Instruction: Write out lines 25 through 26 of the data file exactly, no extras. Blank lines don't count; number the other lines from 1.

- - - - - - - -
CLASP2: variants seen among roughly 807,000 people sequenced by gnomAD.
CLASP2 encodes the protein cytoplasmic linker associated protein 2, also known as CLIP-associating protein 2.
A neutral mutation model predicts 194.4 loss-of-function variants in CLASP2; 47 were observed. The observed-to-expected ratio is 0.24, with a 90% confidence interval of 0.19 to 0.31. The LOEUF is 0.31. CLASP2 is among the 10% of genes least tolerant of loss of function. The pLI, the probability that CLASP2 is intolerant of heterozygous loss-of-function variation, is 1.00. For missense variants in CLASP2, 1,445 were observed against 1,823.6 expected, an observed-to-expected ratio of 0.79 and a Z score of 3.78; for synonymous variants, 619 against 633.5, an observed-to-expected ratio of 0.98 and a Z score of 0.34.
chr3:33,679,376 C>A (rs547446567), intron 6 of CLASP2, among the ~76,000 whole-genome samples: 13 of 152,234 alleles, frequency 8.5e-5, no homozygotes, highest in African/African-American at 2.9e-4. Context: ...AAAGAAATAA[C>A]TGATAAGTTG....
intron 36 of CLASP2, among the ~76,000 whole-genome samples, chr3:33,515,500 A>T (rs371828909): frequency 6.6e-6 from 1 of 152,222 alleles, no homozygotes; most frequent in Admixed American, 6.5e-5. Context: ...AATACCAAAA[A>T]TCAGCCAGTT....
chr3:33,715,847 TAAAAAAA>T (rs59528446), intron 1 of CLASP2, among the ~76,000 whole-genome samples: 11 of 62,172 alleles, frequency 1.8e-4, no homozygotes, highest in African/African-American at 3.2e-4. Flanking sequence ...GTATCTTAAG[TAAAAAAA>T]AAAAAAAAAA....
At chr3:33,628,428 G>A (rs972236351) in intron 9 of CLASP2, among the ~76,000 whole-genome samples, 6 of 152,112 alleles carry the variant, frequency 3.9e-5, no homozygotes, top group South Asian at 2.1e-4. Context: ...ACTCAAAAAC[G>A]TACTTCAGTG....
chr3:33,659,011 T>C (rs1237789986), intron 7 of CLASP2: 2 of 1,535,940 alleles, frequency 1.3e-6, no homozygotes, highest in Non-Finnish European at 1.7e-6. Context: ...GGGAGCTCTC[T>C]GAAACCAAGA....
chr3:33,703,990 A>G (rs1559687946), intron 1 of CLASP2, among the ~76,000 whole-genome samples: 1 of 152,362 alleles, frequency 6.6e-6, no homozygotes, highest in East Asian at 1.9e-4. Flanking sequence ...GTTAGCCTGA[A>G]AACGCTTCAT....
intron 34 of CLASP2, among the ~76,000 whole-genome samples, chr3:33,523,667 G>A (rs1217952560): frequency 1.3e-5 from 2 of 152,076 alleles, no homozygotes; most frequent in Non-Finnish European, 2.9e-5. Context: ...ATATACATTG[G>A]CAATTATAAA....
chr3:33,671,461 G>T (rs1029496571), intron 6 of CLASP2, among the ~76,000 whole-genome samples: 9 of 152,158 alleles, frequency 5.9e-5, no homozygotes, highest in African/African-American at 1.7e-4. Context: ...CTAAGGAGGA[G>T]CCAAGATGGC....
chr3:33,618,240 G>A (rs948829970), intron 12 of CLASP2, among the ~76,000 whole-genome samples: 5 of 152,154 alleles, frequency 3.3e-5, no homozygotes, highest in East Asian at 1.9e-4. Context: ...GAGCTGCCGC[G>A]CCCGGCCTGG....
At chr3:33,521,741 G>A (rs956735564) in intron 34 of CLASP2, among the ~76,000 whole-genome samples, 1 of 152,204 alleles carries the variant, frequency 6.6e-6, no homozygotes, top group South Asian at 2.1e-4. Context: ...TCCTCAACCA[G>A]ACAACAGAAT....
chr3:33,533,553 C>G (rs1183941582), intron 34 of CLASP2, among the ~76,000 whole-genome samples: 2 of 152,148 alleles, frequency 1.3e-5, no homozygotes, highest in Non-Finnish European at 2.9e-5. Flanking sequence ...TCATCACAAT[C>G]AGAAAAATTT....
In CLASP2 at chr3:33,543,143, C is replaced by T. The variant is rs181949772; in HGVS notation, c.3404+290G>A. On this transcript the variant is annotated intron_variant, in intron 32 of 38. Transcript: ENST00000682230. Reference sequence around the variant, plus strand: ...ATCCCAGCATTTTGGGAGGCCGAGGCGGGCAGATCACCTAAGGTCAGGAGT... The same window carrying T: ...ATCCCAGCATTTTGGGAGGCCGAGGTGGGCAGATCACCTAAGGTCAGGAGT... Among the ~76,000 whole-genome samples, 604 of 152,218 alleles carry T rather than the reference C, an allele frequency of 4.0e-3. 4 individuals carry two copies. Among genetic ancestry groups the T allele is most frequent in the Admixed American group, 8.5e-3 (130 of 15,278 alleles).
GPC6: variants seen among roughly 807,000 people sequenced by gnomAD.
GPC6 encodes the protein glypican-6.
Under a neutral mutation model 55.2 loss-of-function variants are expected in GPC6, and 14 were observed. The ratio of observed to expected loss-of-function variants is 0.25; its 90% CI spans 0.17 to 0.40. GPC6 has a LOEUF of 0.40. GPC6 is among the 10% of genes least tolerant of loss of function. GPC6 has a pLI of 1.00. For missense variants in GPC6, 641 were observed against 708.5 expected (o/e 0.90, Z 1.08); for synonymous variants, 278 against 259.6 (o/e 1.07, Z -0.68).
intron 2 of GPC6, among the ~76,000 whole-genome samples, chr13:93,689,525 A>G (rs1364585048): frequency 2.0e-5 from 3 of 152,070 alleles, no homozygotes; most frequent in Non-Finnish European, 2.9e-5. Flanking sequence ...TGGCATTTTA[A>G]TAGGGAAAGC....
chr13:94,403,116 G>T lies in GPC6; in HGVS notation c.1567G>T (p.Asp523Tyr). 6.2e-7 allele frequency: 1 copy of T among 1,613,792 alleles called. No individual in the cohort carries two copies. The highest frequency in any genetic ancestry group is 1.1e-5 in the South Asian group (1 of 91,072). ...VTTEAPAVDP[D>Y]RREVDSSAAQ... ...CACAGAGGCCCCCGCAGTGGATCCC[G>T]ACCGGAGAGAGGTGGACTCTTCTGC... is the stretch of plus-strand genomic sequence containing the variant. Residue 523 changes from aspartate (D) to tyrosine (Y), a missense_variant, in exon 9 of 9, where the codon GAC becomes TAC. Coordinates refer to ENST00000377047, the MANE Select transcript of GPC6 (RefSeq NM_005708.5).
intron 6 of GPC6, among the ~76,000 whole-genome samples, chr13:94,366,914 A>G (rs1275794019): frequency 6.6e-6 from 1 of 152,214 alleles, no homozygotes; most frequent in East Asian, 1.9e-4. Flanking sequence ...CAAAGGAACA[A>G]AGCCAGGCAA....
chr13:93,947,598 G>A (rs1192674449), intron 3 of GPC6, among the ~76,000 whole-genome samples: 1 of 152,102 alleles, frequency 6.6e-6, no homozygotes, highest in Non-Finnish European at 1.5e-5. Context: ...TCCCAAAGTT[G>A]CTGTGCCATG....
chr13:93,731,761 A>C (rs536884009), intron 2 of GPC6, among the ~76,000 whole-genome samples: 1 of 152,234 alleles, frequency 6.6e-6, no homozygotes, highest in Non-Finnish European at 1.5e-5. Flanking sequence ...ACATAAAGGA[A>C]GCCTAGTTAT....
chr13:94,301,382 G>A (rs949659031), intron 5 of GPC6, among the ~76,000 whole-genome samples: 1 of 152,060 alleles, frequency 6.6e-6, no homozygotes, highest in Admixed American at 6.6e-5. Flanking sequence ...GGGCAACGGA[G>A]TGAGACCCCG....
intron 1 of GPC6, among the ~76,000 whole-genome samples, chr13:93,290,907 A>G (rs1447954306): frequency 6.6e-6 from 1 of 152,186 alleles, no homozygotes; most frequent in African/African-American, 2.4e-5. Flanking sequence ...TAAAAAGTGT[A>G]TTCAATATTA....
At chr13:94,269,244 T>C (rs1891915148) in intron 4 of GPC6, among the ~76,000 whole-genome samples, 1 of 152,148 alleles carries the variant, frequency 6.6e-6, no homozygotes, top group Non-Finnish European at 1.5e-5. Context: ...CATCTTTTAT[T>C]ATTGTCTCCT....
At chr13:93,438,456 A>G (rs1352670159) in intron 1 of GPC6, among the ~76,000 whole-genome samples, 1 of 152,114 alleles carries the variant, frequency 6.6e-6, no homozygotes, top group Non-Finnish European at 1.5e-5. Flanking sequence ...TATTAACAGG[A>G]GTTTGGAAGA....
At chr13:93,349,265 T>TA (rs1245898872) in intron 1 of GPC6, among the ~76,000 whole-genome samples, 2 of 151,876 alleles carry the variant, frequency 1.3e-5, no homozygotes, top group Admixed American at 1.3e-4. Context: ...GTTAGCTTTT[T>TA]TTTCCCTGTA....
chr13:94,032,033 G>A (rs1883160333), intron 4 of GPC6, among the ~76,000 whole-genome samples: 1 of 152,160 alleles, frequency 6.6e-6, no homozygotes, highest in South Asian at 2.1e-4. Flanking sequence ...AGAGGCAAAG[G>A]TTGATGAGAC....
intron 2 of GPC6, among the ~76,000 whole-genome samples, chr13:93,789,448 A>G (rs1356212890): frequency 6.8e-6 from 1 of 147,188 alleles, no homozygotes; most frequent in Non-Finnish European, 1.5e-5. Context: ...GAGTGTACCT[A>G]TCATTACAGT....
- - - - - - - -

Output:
intron 1 of GPC6, among the ~76,000 whole-genome samples, chr13:93,290,907 A>G (rs1447954306): frequency 6.6e-6 from 1 of 152,186 alleles, no homozygotes; most frequent in African/African-American, 2.4e-5. Flanking sequence ...TAAAAAGTGT[A>G]TTCAATATTA....
At chr13:94,269,244 T>C (rs1891915148) in intron 4 of GPC6, among the ~76,000 whole-genome samples, 1 of 152,148 alleles carries the variant, frequency 6.6e-6, no homozygotes, top group Non-Finnish European at 1.5e-5. Context: ...CATCTTTTAT[T>C]ATTGTCTCCT....